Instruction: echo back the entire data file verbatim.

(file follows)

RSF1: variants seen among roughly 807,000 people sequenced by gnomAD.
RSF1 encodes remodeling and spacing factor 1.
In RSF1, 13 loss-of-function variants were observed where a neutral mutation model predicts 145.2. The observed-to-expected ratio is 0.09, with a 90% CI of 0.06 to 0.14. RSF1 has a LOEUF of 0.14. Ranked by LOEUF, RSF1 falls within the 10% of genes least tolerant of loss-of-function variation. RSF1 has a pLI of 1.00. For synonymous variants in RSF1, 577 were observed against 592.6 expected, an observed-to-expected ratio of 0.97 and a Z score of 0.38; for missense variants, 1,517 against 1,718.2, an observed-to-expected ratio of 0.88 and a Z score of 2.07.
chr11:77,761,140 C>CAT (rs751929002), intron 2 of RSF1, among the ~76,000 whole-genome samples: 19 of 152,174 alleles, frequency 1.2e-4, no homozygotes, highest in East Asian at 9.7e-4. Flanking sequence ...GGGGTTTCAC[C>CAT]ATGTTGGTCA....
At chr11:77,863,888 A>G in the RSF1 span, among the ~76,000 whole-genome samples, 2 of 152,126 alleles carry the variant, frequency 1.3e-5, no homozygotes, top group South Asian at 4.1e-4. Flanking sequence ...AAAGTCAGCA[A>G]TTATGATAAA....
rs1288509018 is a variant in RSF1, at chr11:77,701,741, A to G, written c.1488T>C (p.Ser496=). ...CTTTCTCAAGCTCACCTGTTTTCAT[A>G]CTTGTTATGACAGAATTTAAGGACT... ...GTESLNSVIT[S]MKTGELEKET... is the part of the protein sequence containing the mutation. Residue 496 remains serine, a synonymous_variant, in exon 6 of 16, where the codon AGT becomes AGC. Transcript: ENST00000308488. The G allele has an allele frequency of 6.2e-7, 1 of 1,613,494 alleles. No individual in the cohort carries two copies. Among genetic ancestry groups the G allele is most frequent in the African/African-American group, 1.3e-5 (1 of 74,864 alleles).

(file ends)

RSF1: variants seen among roughly 807,000 people sequenced by gnomAD.
RSF1 encodes remodeling and spacing factor 1.
In RSF1, 13 loss-of-function variants were observed where a neutral mutation model predicts 145.2. The observed-to-expected ratio is 0.09, with a 90% CI of 0.06 to 0.14. RSF1 has a LOEUF of 0.14. Ranked by LOEUF, RSF1 falls within the 10% of genes least tolerant of loss-of-function variation. RSF1 has a pLI of 1.00. For synonymous variants in RSF1, 577 were observed against 592.6 expected, an observed-to-expected ratio of 0.97 and a Z score of 0.38; for missense variants, 1,517 against 1,718.2, an observed-to-expected ratio of 0.88 and a Z score of 2.07.
chr11:77,761,140 C>CAT (rs751929002), intron 2 of RSF1, among the ~76,000 whole-genome samples: 19 of 152,174 alleles, frequency 1.2e-4, no homozygotes, highest in East Asian at 9.7e-4. Flanking sequence ...GGGGTTTCAC[C>CAT]ATGTTGGTCA....
At chr11:77,863,888 A>G in the RSF1 span, among the ~76,000 whole-genome samples, 2 of 152,126 alleles carry the variant, frequency 1.3e-5, no homozygotes, top group South Asian at 4.1e-4. Flanking sequence ...AAAGTCAGCA[A>G]TTATGATAAA....
rs1288509018 is a variant in RSF1, at chr11:77,701,741, A to G, written c.1488T>C (p.Ser496=). ...CTTTCTCAAGCTCACCTGTTTTCAT[A>G]CTTGTTATGACAGAATTTAAGGACT... ...GTESLNSVIT[S]MKTGELEKET... is the part of the protein sequence containing the mutation. Residue 496 remains serine, a synonymous_variant, in exon 6 of 16, where the codon AGT becomes AGC. Transcript: ENST00000308488. The G allele has an allele frequency of 6.2e-7, 1 of 1,613,494 alleles. No individual in the cohort carries two copies. Among genetic ancestry groups the G allele is most frequent in the African/African-American group, 1.3e-5 (1 of 74,864 alleles).